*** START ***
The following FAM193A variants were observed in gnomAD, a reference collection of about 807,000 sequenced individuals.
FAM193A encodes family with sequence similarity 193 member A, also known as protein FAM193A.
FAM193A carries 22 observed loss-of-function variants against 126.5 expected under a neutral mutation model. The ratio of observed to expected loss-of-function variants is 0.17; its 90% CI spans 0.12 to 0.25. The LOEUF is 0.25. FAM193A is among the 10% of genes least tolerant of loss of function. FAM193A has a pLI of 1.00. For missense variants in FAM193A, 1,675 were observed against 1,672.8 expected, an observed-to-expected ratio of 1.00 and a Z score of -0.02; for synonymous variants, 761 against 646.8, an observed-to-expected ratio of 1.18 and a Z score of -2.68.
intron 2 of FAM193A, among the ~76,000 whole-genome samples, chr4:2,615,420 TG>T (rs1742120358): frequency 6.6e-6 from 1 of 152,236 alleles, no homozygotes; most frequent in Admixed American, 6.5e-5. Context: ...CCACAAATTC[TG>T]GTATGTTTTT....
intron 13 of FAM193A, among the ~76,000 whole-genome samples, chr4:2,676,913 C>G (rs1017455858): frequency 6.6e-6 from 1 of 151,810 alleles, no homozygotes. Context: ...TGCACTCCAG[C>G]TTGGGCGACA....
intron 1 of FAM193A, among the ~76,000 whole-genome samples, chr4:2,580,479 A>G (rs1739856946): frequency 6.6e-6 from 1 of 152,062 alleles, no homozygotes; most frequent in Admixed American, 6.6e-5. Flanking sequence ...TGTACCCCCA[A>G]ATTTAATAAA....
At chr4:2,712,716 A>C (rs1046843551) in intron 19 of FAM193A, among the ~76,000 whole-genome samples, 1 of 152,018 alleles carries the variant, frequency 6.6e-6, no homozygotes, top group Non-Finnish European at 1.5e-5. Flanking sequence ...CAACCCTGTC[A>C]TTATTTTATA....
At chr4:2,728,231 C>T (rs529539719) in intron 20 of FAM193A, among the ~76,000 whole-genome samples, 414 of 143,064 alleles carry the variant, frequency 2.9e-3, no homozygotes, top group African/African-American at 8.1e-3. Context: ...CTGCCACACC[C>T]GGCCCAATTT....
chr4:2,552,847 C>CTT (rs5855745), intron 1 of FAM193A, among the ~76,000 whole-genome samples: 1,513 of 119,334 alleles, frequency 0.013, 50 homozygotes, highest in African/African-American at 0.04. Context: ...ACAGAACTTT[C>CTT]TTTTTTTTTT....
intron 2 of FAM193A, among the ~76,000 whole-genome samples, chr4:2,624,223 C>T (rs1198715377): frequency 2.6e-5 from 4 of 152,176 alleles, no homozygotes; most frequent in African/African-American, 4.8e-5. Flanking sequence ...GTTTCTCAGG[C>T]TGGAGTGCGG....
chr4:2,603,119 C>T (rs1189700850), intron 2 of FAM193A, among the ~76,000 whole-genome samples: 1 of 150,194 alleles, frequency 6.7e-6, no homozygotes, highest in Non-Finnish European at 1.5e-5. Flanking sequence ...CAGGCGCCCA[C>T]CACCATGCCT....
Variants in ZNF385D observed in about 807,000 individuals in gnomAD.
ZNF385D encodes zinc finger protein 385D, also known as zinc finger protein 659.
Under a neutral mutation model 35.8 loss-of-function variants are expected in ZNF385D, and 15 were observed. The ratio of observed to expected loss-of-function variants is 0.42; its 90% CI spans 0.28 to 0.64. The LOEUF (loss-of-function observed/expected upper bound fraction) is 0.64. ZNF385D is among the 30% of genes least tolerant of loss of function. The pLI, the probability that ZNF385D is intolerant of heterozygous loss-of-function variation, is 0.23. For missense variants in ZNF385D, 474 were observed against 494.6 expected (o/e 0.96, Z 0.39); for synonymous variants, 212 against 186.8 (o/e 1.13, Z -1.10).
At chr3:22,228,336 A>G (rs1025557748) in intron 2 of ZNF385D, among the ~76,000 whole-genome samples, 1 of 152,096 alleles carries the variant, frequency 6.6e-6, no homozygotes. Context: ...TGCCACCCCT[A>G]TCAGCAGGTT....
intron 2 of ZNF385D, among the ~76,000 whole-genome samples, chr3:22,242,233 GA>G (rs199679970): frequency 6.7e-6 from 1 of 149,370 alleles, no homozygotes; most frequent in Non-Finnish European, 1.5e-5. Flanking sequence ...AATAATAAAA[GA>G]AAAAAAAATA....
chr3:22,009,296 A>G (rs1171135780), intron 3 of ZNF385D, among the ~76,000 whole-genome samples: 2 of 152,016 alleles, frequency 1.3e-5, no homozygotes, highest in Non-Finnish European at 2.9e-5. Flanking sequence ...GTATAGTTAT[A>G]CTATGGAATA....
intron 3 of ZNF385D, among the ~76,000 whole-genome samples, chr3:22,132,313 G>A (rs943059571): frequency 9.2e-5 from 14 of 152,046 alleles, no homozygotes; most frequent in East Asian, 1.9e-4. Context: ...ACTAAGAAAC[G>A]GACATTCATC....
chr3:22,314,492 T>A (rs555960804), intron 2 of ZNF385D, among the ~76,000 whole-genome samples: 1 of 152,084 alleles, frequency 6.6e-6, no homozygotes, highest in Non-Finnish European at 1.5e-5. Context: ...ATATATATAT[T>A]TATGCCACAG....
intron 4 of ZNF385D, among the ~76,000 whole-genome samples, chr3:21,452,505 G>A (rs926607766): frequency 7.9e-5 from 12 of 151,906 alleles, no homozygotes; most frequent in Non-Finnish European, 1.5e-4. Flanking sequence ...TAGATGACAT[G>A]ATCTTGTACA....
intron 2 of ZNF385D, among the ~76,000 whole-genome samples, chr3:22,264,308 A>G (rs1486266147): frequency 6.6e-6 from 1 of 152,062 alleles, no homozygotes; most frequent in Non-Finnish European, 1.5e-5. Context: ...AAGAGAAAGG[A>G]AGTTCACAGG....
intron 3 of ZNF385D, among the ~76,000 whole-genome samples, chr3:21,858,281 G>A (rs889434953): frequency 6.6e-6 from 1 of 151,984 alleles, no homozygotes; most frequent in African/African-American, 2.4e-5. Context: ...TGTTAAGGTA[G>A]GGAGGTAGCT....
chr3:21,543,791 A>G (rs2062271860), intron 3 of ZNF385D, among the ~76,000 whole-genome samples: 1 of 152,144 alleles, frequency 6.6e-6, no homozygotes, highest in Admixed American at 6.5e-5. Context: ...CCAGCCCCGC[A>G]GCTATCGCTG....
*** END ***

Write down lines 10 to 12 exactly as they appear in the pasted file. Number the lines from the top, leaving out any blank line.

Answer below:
intron 2 of FAM193A, among the ~76,000 whole-genome samples, chr4:2,624,223 C>T (rs1198715377): frequency 2.6e-5 from 4 of 152,176 alleles, no homozygotes; most frequent in African/African-American, 4.8e-5. Flanking sequence ...GTTTCTCAGG[C>T]TGGAGTGCGG....
chr4:2,603,119 C>T (rs1189700850), intron 2 of FAM193A, among the ~76,000 whole-genome samples: 1 of 150,194 alleles, frequency 6.7e-6, no homozygotes, highest in Non-Finnish European at 1.5e-5. Flanking sequence ...CAGGCGCCCA[C>T]CACCATGCCT....
Variants in ZNF385D observed in about 807,000 individuals in gnomAD.